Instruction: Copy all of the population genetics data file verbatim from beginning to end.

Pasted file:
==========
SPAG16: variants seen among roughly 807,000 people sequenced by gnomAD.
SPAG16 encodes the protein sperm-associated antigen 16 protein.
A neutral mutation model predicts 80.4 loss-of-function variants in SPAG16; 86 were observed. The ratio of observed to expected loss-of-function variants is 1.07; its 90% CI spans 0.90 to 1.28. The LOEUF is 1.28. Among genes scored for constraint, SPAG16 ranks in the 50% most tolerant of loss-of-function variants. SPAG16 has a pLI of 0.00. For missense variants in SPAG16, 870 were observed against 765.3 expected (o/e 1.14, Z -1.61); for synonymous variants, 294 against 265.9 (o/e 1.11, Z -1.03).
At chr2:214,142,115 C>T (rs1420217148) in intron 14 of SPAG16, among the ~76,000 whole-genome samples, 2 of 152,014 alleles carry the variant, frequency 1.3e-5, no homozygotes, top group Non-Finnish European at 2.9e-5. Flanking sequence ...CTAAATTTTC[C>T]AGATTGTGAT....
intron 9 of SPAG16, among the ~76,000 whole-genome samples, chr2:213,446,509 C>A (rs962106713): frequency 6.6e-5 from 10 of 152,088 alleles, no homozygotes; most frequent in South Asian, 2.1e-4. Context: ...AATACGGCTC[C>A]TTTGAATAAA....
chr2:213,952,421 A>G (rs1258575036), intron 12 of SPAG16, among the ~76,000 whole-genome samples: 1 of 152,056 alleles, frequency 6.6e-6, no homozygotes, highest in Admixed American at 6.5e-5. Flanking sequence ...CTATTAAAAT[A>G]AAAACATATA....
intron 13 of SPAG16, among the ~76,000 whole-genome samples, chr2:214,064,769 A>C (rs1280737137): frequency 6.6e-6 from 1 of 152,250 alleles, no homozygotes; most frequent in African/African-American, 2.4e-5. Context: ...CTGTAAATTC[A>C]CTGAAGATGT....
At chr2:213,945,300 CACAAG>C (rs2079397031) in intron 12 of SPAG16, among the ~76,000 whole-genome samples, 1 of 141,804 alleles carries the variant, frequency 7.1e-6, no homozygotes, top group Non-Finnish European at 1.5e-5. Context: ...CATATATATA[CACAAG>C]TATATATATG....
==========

SPAG16: variants seen among roughly 807,000 people sequenced by gnomAD.
SPAG16 encodes the protein sperm-associated antigen 16 protein.
A neutral mutation model predicts 80.4 loss-of-function variants in SPAG16; 86 were observed. The ratio of observed to expected loss-of-function variants is 1.07; its 90% CI spans 0.90 to 1.28. The LOEUF is 1.28. Among genes scored for constraint, SPAG16 ranks in the 50% most tolerant of loss-of-function variants. SPAG16 has a pLI of 0.00. For missense variants in SPAG16, 870 were observed against 765.3 expected (o/e 1.14, Z -1.61); for synonymous variants, 294 against 265.9 (o/e 1.11, Z -1.03).
At chr2:214,142,115 C>T (rs1420217148) in intron 14 of SPAG16, among the ~76,000 whole-genome samples, 2 of 152,014 alleles carry the variant, frequency 1.3e-5, no homozygotes, top group Non-Finnish European at 2.9e-5. Flanking sequence ...CTAAATTTTC[C>T]AGATTGTGAT....
intron 9 of SPAG16, among the ~76,000 whole-genome samples, chr2:213,446,509 C>A (rs962106713): frequency 6.6e-5 from 10 of 152,088 alleles, no homozygotes; most frequent in South Asian, 2.1e-4. Context: ...AATACGGCTC[C>A]TTTGAATAAA....
chr2:213,952,421 A>G (rs1258575036), intron 12 of SPAG16, among the ~76,000 whole-genome samples: 1 of 152,056 alleles, frequency 6.6e-6, no homozygotes, highest in Admixed American at 6.5e-5. Flanking sequence ...CTATTAAAAT[A>G]AAAACATATA....
intron 13 of SPAG16, among the ~76,000 whole-genome samples, chr2:214,064,769 A>C (rs1280737137): frequency 6.6e-6 from 1 of 152,250 alleles, no homozygotes; most frequent in African/African-American, 2.4e-5. Context: ...CTGTAAATTC[A>C]CTGAAGATGT....
At chr2:213,945,300 CACAAG>C (rs2079397031) in intron 12 of SPAG16, among the ~76,000 whole-genome samples, 1 of 141,804 alleles carries the variant, frequency 7.1e-6, no homozygotes, top group Non-Finnish European at 1.5e-5. Context: ...CATATATATA[CACAAG>C]TATATATATG....